You don’t have to be an occupational therapist to be worried about the fine motor skills of the kiddos in your classroom. The dexterity of our students is about more than getting them to draw straight lines or neatly cut out shapes. Fine motor skills are about that direct link between the brain and muscle control and they’re linked directly to neuron development which helps our students in countless ways.
Chances are you’re already doing plenty of fine motor skills activities in your classroom, but if you’re looking for a few more activities that have been tried and tested by teachers, the teachers on the Teach Starter team have got you covered with ways to practise letter formation, develop scissor skills and more!
What Are Fine Motor Skills?
You probably know this already, but humour us for a moment, won’t you?
Fine motor movements involve the coordination of small muscles in the hands and fingers. Strong fine motor skills are essential when completing simple daily tasks, such as writing, opening lunch boxes, tying shoelaces and much more.
Of course, the bulk of the work around helping kids develop these skills happens in the early years. Not only are students literally flexing their muscles and building them up, they’re also developing hand-eye coordination that will serve them well in later school years (not to mention playing all those video games at home).
Fine Motor Skills Activities
The activities ahead make use of many household items or equipment that is easily accessible to most teachers. Feel free to borrow some ideas and store them in your bank of fine motor activities!
Have Non-Mess Paint Fun!
Put paint into a clear zipped bag (for extra reinforcement, duct tape the top). Using a cotton bud, children draw shapes, letters and numbers into the paint to practise writing lowercase letters or uppercase letters.
Teach Starter Teacher Tip: You can also buy hair gel at a cheap shop for the same thing and save your paint for another activity!
Use Tennis Ball Monsters to Strengthen the Hand Muscles
Tennis ball monsters are great for developing finger and hand muscles.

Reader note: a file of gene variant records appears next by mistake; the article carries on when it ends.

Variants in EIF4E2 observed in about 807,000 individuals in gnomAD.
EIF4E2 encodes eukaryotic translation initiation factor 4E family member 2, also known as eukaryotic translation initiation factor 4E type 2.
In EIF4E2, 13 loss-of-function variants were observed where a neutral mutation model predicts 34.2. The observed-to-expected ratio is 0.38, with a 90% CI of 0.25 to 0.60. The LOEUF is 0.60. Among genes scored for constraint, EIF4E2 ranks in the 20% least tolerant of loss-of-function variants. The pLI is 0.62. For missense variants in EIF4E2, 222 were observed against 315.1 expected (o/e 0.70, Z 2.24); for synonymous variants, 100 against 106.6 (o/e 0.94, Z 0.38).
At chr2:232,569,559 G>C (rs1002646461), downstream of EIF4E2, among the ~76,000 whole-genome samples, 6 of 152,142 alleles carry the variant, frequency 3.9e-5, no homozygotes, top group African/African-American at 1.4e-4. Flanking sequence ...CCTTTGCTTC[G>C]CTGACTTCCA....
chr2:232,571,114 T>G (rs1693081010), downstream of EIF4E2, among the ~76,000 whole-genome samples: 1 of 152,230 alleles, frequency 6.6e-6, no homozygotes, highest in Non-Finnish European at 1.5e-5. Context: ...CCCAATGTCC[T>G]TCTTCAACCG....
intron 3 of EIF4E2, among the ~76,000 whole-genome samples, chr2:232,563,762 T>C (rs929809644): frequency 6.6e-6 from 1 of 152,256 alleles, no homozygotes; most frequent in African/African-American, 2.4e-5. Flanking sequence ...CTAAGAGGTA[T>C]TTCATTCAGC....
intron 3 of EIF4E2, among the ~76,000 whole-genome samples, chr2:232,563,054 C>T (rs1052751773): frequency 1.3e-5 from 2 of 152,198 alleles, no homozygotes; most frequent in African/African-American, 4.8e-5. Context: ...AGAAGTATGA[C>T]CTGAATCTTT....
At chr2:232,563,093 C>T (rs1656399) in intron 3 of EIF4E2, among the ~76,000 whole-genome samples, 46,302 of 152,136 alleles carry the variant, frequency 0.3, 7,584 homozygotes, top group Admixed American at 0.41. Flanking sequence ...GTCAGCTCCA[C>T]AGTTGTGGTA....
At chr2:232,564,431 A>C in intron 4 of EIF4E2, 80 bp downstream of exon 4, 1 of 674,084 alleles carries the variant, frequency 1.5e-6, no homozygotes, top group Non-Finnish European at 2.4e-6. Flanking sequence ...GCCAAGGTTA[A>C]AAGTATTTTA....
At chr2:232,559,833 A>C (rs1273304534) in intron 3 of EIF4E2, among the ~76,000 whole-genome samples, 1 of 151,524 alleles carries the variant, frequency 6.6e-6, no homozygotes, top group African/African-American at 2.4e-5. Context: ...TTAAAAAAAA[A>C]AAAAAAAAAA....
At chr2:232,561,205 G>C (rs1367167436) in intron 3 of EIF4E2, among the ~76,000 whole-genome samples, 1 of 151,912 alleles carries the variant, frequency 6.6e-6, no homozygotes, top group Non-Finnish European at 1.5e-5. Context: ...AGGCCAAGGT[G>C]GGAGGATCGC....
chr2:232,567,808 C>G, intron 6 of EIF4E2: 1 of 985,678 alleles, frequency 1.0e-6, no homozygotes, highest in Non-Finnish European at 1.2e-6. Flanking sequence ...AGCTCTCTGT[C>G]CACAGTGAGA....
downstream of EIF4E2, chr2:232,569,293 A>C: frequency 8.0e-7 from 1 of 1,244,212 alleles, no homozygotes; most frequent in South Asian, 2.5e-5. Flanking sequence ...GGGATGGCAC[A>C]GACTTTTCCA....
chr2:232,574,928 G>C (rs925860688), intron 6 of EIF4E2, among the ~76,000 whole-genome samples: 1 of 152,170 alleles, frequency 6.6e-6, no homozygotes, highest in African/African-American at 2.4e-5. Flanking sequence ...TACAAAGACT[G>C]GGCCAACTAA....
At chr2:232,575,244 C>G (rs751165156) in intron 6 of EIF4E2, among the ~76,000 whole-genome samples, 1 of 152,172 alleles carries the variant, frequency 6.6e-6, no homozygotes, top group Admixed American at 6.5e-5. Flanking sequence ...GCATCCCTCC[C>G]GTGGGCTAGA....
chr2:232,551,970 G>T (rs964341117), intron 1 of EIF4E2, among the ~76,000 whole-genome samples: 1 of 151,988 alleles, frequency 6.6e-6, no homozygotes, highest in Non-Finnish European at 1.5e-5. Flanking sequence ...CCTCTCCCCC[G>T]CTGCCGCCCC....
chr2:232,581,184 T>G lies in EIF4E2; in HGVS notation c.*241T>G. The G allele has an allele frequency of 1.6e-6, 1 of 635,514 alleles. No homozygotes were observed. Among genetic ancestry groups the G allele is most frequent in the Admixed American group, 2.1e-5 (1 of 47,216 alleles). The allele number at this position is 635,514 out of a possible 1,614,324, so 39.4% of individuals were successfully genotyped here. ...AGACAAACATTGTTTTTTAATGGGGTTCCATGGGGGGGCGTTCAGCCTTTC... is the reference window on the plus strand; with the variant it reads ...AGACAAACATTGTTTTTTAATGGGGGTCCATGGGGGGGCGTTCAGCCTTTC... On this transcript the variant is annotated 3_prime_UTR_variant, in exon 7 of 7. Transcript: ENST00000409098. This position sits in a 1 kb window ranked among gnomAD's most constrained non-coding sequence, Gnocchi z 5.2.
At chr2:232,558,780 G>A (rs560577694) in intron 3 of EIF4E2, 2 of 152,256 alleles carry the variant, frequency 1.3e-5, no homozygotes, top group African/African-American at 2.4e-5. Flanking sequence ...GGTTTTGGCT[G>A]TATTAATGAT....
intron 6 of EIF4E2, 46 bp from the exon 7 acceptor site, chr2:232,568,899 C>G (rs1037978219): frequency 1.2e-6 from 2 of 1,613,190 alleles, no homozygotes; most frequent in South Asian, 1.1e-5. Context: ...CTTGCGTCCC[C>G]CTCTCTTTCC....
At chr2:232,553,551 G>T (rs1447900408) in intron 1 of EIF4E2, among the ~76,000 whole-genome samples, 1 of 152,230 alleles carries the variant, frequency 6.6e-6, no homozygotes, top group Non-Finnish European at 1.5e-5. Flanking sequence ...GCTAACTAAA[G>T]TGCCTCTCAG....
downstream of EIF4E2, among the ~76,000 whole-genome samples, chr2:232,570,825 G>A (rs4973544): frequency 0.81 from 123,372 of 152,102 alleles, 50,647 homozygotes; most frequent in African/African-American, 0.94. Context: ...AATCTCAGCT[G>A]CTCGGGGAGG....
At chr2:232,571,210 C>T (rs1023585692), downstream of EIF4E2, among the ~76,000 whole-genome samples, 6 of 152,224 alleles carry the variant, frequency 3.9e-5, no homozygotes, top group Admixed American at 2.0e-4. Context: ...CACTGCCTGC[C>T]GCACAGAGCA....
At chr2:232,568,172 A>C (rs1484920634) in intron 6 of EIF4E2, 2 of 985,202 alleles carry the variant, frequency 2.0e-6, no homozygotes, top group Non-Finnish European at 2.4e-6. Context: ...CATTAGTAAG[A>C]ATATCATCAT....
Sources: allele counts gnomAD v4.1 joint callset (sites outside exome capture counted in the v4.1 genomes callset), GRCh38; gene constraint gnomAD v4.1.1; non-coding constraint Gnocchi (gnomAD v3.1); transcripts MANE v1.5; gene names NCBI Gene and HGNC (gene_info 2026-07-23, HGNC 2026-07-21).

To make your own monster, cut a hole in a tennis ball to create a mouth, and stick circles on the tennis ball for the monster’s eyes! Challenge your students to then feed the monster as many marbles as they can.
Bring Out the Shaving Cream
Using shaving cream for letter-writing practice or to draw shapes is an old teacher trick for cleaning the desks, and it is a great way to work those fine muscles when you’re teaching kinder. The cream has an added bonus of feeling cool and providing a different sensation on their fingertips.
Try a PomPom Fine Motor Activity
How cute are these fuzzy friends? We used our resource Fuzzy Friends Repeating Pattern Activity and turned it into a fine motor activity by getting students to use tweezers to pick up the pompoms and place them in their appropriate spots on the activity card. Students should match the colour of their fuzzy ball to the colour of the fuzzy friend on the page.
Try This Fly Swat Threading Fine Motor Activity
Using a fly swat or anything that has small holes, children thread pipe cleaners through the holes. This fine muscle activity is great for hand-eye coordination as well.
Use Wooden Pegs to Develop Grasp Skills
Using clothes pegs helps students develop their pincher grasp and prepares them to hold a pencil correctly. Try these fun activities involving pegs!